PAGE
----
Considered in terms of the world that it is born into, Daleks Invasion Earth looks backwards rather than forwards for its inspiration. It arrived in a world where Pop Art, youth cult, rock ‘n’ roll, Tamla Motown and the Beatles and Stones were asserting the primacy of youth, where Harold Wilson and Tony Benn were exploring the possibilities of new markets and new technologies with MinTech, where the Telecom Tower would emerge glittering like a space craft landed at the heart of London, where everything was faster, shinier, newer, younger, more brash, less deferential, less respectful. It is a warning to the young, rather than a discussion for the old. It reduces fears and experiences of World War II to a fable told to damp the spirits of this world of uncertainty and possibility.
There are many explicit references to the lore of World War II, to the horrid litany of abuses carried out during its duration. When the chrononauts first arrive, Susan remarks that there are no people, and ‘no birds either’, bringing to mind the horror of death camps. At the Dalek mine in Bedfordshire, Brockley trades food for a handful of rings, again making reference to the horror of death camps, the implication that rings are not the only things of precious metal that are brought to Brockley. Near the beginning of the film, Doctor Who and Tom pass through a room that has a prominent framed picture of a Spitfire or a Hurricane. The use of the Underground as a refuge and a place were industry could continue is again an obvious reference, (see this article for more about the underground). The Dalek radio broadcasts, with their mocking tone, again speak to the lore of the War rather than an actual experience of it. The film is nostalgic for the War, in that it strips a complicated narrative down to its most evocative and emotive images, removing them from their context and making them emotional triggers only.
Like a fable, Daleks Invasion Earth reduces the characters and situations to ciphers and removes all notions of context or politics from the equation. With the characters of Brockley and the Mother and Daughter, we see that collaborators are resoundingly bad. With the Daleks, we are given an image of invasion that removes any of the difficult ambiguities that arise when examining history and the motivations of people. The Daleks are evil, because they are evil. There are no geopolitics, no history, no relationship before their invasion. In many ways, they are the reassuring bogeyman conjured up by wartime propaganda, an all destroying; unreasonable force that can only be beaten rather than accommodated or lived with. In a time of total war, there is a comforting certainty, and an escape from the anxiety of having to make responsible political choices, in having an implacable enemy to oppose.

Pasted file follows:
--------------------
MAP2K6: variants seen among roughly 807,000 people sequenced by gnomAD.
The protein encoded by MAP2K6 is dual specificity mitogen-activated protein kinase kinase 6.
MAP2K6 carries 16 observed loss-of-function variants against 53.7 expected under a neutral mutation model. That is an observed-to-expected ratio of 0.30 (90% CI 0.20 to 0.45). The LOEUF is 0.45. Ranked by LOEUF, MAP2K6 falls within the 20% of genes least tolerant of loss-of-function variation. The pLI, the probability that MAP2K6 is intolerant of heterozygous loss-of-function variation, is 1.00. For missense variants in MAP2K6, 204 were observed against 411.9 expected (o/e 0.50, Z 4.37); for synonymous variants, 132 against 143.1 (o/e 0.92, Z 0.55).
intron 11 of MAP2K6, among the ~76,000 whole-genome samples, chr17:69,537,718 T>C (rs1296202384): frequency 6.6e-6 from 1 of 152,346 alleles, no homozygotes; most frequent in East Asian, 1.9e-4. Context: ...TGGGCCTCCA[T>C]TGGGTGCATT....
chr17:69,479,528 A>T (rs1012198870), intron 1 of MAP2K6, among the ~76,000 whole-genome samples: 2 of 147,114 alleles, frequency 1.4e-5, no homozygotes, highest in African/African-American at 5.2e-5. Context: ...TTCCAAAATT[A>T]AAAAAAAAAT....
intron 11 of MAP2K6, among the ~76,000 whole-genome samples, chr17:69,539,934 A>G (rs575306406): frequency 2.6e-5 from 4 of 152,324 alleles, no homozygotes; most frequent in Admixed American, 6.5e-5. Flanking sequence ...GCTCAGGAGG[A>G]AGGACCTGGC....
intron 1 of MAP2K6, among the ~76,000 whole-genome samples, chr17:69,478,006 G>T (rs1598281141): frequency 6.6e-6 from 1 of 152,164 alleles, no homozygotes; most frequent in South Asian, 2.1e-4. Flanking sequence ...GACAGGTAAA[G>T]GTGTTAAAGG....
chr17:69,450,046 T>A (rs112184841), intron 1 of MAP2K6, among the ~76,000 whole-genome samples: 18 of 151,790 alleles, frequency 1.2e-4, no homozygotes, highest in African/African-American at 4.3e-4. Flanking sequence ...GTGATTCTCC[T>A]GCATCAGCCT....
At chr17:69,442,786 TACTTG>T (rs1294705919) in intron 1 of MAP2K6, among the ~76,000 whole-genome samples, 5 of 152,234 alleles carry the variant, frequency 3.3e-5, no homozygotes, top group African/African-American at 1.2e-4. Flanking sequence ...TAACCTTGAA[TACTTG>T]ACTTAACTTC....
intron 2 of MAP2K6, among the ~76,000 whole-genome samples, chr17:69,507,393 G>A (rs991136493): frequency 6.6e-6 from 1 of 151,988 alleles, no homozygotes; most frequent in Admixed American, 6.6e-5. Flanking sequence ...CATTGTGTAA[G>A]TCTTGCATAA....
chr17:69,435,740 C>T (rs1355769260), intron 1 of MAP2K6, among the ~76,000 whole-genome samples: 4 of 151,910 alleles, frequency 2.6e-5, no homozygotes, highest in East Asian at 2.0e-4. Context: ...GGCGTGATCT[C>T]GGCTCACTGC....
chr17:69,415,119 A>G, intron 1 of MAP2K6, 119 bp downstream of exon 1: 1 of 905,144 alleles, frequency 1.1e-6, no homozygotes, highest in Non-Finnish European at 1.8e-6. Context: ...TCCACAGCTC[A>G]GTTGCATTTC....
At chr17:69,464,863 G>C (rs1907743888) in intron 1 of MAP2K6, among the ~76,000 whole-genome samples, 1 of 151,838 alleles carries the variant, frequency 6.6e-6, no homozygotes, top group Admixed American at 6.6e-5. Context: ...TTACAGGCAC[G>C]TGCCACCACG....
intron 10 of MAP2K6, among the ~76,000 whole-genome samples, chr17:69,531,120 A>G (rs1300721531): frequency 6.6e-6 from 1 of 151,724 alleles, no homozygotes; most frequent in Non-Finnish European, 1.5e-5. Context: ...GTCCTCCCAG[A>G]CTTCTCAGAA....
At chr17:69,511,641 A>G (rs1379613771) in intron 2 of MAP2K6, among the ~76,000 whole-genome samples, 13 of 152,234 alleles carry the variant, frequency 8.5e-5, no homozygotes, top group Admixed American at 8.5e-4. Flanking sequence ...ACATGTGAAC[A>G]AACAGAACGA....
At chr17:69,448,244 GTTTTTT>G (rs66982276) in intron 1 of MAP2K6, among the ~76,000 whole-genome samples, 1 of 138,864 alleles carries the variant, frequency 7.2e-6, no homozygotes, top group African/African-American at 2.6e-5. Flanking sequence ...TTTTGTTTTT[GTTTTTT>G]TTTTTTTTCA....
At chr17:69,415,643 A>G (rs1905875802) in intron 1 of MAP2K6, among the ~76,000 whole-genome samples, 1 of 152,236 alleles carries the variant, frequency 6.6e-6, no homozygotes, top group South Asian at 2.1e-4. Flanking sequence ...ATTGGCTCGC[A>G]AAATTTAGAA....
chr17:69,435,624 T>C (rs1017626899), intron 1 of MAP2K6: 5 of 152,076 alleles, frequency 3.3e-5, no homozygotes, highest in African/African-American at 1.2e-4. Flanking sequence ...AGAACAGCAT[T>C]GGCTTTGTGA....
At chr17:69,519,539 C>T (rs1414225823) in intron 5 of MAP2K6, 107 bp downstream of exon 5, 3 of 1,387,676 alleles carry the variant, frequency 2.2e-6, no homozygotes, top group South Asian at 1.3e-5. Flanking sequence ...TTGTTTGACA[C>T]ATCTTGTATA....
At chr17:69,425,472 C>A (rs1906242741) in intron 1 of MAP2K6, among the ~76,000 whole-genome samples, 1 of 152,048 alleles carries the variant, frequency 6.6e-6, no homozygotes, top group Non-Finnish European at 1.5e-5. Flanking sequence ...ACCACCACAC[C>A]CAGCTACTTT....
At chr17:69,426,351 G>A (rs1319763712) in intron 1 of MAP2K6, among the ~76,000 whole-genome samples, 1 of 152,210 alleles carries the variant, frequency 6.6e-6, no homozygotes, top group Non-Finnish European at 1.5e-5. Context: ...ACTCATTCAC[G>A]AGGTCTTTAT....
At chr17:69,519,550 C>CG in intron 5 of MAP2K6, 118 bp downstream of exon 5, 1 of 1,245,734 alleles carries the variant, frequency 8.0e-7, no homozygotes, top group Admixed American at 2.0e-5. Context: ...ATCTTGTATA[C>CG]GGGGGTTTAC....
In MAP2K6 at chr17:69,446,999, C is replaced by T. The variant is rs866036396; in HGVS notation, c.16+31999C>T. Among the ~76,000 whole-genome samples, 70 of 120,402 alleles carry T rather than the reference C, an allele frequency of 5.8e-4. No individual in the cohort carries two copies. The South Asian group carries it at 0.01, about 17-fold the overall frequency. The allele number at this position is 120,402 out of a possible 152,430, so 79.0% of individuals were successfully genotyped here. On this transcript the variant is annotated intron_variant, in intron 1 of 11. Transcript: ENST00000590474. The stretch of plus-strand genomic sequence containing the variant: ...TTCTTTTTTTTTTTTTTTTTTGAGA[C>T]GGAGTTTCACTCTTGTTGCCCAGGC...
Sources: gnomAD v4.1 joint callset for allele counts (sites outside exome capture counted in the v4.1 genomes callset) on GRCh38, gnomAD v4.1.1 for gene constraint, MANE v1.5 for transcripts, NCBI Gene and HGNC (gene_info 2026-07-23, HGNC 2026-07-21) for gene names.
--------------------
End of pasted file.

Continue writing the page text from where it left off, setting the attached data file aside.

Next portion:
One aspect of the film that is always pointed out is that it doesn’t look to be set in 2150 AD, but about five minutes from when it was filmed. Based on the underlying message of the film, this doesn’t pose as much of a problem as most reviewers suggest. Given the film’s deep hankering for the certainties of the War, the message to the present seems to be ‘don’t get too excited about relentless progress and forward motion, it could all just stop’. This is a very English response to the apocalypse, an anxiety about adversity stopping the march of progress and the advancement of civilization. American popular culture, overall, has a much more rosy view of the breakdown of civilisation, with many seeing it as kind of ‘back to nature’ return to the essentials of life where, at worst, you and your family will be enjoying the kind of life someone on the Frontier might have had. British popular culture, on the other hand, is usually concerned with what will be lost. If there was an invasion by immensely powerful alien beings tomorrow, the process of commodity capitalism as we know it now would stop. There wouldn’t be the time or resources to create new and exciting shiny things to signify that the future had arrived. Although it is a stretch to believe that the Britain of Daleks Invasion Earth is two hundred or so years hence of the date that the film was made, the cultural and technological entropy that it portrays does fit with its overall orientation.
On top of all this subtext, there is a fast moving children’s film, with excellent set pieces and some lovely, local references. When Tom and Doctor Who see the Dalek saucer, a brilliant bit of Dan Dare style design, landing in London, Doctor Who exclaims: “It appears to be landing in the vicinity of Sloane Square!”. The fact that Bedfordshire becomes a huge concentration camp adds a huge thrill to the proceedings; as does the fact that characters need to travel across country to get there, plunging into the chilly interior of the landscape. The use of the London Underground as a hiding place for the human underground adds a wonderful sparkle to Archeology of the Future’s enjoyment.
In many ways, the Daleks are amongst one of the most recognisable artefacts of the bright, brash, shiny, poppy mid-sixties. They achieved huge popularity and iconic status precisely because they were colourful, exciting and from a very low, mass-culture source, beginning with the kids then finding more and more fans amongst the grown-ups… Looking back at the film now, it almost seems to say, in a grumpy, reactionary way, that we should be careful, lest the new world of Pop and bright colours turn around and wreck our cities and enslave us…